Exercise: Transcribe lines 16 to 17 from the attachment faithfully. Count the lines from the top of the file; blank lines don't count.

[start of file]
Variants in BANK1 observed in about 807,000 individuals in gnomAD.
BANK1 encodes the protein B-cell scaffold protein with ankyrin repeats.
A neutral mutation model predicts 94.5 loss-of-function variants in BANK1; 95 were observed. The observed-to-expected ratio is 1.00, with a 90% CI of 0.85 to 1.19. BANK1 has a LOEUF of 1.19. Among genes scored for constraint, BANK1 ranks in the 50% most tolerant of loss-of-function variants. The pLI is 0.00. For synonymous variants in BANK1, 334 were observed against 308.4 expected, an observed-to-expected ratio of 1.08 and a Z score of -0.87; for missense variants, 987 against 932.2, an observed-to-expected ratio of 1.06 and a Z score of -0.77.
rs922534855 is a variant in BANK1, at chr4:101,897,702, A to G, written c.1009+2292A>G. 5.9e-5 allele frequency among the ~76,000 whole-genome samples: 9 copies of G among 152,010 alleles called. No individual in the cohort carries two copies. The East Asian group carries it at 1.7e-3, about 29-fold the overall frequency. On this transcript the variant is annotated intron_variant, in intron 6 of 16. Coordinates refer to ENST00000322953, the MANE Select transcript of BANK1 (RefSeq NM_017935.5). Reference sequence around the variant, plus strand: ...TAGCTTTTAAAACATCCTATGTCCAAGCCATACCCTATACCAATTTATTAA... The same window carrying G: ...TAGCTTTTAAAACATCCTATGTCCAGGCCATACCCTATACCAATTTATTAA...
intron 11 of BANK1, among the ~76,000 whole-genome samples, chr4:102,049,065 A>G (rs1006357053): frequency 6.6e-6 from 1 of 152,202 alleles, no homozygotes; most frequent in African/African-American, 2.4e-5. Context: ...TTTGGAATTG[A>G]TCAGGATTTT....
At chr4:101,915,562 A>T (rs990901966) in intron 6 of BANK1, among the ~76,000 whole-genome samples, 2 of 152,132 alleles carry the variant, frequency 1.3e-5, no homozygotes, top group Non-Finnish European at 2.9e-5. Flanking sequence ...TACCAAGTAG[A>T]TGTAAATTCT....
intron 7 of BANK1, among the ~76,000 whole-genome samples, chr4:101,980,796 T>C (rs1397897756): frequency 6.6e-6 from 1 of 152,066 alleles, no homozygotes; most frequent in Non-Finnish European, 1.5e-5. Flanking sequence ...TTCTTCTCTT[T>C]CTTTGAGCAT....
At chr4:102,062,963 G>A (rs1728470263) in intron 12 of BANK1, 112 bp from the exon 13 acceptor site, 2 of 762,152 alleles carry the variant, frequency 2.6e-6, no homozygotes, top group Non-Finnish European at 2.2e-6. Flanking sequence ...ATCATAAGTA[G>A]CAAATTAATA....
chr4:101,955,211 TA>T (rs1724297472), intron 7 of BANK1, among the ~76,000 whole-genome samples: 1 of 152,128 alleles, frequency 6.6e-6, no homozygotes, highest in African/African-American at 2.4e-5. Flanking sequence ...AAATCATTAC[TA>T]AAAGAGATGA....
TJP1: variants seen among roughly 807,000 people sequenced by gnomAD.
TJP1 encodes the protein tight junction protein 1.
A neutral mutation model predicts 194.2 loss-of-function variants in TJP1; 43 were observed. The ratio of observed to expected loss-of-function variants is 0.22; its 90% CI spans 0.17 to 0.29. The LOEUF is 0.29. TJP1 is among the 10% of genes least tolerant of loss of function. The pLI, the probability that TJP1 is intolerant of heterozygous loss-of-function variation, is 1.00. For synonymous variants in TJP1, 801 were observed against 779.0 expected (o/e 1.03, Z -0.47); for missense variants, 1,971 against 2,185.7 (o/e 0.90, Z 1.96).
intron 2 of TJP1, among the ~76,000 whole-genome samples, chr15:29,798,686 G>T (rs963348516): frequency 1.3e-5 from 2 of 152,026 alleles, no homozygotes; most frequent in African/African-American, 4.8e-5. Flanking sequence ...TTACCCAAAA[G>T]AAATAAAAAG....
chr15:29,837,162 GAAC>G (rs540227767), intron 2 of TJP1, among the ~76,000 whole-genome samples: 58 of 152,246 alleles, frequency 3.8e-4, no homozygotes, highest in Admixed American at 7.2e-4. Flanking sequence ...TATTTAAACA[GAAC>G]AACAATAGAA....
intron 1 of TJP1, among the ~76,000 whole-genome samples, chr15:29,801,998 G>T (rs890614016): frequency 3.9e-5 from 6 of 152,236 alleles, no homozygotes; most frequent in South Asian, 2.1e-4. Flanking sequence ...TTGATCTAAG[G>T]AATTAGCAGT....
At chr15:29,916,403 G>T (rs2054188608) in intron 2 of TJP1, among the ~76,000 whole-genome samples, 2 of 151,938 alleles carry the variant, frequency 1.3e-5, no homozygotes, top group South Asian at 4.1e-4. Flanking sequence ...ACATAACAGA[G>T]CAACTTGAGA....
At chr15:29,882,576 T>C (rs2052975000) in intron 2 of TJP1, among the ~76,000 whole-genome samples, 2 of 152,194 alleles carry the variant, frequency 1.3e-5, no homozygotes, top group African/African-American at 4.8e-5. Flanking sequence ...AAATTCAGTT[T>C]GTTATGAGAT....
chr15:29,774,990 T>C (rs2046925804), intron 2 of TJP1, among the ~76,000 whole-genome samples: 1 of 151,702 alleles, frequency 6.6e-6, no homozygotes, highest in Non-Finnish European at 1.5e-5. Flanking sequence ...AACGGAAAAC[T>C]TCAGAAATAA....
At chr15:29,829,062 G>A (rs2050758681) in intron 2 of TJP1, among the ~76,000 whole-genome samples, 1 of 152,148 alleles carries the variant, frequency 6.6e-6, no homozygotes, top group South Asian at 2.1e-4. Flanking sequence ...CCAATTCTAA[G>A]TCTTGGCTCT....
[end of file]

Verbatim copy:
At chr15:29,916,403 G>T (rs2054188608) in intron 2 of TJP1, among the ~76,000 whole-genome samples, 2 of 151,938 alleles carry the variant, frequency 1.3e-5, no homozygotes, top group South Asian at 4.1e-4. Flanking sequence ...ACATAACAGA[G>T]CAACTTGAGA....
At chr15:29,882,576 T>C (rs2052975000) in intron 2 of TJP1, among the ~76,000 whole-genome samples, 2 of 152,194 alleles carry the variant, frequency 1.3e-5, no homozygotes, top group African/African-American at 4.8e-5. Flanking sequence ...AAATTCAGTT[T>C]GTTATGAGAT....